Sarah’s Slice of Life: Ever Grateful

I used to have a fear associated with Thanksgiving, and no, it wasn’t missing out on pie because I had already eaten too much corn pudding. If you imagine a typical Thanksgiving Day, then you’ll probably be able to picture the time I feared the most. 

Dishes of stuffing and glazed ham sit on the kitchen counter, uncovered and steaming, and a large family gathers in the kitchen. A football game on the living room TV plays, but it’s muted. The pies, puddings and puree-filled desserts wait on another table, right beside a cardboard turkey centerpiece and a vase of yellow and orange flowers. 

However, one thing separates the prayer and the eating: gratitude. 

Everyone stands in a circle, and each person must say one thing they’re grateful for before the circle breaks and the eating can begin. For anyone who struggles to think of something to say, an uncle speaks on their behalf, interrupting from where he stands in the corner. 

“You’re alive, aren’t you?” he says.

Maybe you’ve never experienced this situation, but it’s a common practice in my family to say one thing we’re grateful for on Thanksgiving. Perhaps most people wouldn’t have a problem with this, but as a child, I always hated and feared this tradition. Of course, I had many things to be grateful for, but did I have to say them out loud, in front of everyone?

Now, I understand the importance of the practice, but I still wonder if it’s a bit shallow. One day of the year, we place special emphasis on gratitude, combing our thoughts, memories and values for something to say when it reaches our turn in the circle. We say things like “family,” “home,” “food” or “God,” and then we release Uncle Pete’s hand after praying, wipe off his palm sweat and grab some sweet potato casserole.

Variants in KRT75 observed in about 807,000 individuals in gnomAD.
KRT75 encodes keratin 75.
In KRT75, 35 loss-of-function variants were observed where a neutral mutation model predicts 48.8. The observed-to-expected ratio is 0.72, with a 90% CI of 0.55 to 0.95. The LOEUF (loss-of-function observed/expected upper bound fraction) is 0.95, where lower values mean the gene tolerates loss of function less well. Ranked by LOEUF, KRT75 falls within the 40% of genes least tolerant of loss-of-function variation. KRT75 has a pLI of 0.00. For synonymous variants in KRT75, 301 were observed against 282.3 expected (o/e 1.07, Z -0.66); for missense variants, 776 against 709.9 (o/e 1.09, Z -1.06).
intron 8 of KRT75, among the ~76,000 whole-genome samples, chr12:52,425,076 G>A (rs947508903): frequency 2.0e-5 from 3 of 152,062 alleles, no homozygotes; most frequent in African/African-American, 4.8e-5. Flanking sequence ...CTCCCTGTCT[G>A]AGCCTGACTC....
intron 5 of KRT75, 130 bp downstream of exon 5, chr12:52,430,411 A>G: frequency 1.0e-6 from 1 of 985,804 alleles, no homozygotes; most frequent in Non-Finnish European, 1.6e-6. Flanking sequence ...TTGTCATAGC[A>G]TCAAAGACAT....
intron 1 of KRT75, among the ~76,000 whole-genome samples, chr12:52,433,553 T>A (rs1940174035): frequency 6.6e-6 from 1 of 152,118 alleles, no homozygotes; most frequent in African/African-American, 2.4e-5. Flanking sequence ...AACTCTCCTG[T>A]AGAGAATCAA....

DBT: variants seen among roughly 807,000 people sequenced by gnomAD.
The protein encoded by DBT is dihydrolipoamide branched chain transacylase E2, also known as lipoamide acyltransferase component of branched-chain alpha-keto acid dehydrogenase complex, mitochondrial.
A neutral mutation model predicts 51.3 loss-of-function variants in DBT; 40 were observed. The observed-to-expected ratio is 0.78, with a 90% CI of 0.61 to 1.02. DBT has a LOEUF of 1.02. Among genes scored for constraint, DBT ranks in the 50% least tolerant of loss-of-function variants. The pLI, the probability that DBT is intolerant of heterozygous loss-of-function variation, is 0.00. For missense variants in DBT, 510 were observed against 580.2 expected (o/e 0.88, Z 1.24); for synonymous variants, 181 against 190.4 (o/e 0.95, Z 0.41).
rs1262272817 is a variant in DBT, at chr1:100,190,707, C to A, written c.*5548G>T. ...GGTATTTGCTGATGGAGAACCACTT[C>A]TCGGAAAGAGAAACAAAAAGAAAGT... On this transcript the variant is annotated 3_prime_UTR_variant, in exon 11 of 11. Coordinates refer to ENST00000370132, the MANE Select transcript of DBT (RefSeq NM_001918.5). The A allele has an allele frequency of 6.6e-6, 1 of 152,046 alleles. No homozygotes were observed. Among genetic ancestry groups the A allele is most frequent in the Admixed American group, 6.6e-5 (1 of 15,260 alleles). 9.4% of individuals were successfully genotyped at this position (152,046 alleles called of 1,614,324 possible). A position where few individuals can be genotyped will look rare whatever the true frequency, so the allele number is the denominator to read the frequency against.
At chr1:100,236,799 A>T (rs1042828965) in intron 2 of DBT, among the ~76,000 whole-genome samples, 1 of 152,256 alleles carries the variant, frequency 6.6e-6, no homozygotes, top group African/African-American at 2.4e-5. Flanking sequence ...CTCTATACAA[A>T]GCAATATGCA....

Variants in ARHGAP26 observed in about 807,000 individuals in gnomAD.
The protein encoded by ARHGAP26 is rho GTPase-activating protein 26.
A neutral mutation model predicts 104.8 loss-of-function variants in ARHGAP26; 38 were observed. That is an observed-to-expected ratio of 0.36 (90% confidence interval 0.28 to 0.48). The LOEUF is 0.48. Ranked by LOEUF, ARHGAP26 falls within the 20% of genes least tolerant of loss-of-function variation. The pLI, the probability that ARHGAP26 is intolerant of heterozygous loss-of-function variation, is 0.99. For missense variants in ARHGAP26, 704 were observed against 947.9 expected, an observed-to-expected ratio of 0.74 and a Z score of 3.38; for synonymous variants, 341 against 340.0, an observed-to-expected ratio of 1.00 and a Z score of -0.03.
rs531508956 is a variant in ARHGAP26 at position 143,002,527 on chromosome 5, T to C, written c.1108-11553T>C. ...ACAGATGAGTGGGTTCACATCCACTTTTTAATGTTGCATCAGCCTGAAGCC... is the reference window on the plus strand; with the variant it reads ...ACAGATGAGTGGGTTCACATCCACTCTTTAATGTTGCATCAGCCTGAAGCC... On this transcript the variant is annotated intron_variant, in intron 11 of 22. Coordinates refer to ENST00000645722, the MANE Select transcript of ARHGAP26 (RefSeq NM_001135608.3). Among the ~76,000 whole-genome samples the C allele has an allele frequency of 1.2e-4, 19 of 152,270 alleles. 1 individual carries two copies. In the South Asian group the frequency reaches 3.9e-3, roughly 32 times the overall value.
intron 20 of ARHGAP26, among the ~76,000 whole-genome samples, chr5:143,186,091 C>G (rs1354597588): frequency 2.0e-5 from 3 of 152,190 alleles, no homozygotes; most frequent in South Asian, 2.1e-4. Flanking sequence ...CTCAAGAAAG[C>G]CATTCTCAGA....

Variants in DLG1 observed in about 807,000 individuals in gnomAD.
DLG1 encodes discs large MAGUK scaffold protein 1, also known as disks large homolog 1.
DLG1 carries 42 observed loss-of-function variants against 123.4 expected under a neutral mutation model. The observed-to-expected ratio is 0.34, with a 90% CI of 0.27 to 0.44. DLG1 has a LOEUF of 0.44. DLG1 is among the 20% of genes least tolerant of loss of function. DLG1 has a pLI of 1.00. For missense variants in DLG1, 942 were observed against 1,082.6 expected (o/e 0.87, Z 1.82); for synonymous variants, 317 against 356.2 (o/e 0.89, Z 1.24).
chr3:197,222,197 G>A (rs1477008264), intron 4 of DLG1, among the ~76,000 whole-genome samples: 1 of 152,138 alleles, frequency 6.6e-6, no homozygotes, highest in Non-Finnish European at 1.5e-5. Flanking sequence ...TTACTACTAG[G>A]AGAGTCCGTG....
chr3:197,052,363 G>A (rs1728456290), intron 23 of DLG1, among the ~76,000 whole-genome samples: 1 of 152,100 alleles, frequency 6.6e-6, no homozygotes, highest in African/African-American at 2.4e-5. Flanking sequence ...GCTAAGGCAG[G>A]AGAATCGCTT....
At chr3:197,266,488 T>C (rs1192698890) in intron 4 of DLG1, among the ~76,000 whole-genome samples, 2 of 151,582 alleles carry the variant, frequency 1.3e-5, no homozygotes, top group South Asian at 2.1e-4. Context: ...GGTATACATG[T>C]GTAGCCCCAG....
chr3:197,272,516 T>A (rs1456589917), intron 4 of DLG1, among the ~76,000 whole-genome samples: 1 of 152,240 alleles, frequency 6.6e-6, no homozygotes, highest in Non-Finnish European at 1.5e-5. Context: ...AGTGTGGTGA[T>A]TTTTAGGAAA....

But do we really mean it? What about all the other days of the year besides that one Thursday in November? Isn’t it a bit shallow to be thankful one time just to have something to say in front of all the aunts, uncles and cousins?

Gratitude doesn’t need to be so superficial or transitory. It should take place within every ordinary day, infusing each hour of our lives with a spirit of gratefulness. Of course, this is not possible without the sense of wonder that leads us to notice the beauty of ordinary things. 

If we cannot be grateful for the birdsongs that come with the rising sun, the deep silence of a night under the stars or the little oak tree shedding its golden leaves, then how can we be grateful for the big things like family, freedom or a home? Noticing ordinary things cultivates gratitude, and gratitude guides us to live each day like it’s an actual gift.

I believe Emily Dickinson captures this sentiment best when she writes that “forever is composed of nows” in her poem of the same name. Often, a thankfulness for abstract things fails to develop the same sense of gratitude that a thankfulness for ordinary moments does. 

A gratitude for “family” becomes a gratitude for how your mother wakes up early every morning to make you breakfast before school. A gratitude for “a home” becomes a gratitude for a quiet evening spent on the couch with friends in your apartment, and a gratitude for “God” becomes an overwhelming spirit of gratefulness for everything God gives you during the day — the yellow glow of the sunrise, the fresh smell of the air or a quiet moment of breath. 

Ultimately, the notion of Thanksgiving should extend to every one of our “nows,” giving us the eyes to appreciate the ordinary things that impute value and beauty to each day. It shouldn’t be reserved for that family circle, spoken aloud only to appease the “gratitude” tradition on Thanksgiving. 

We should live our lives in a posture of thankfulness, being ever grateful for the true and beautiful world that stretches in front of us every day. If we have the eyes to see, then we must also have the heart to be thankful. 

I mean, you’re alive, aren’t you? Isn’t that enough reason to be grateful?

Tate is the Editor-in-Chief for the Liberty Champion. Follow her on Twitter

Sarah Tate, Editor-in-Chief

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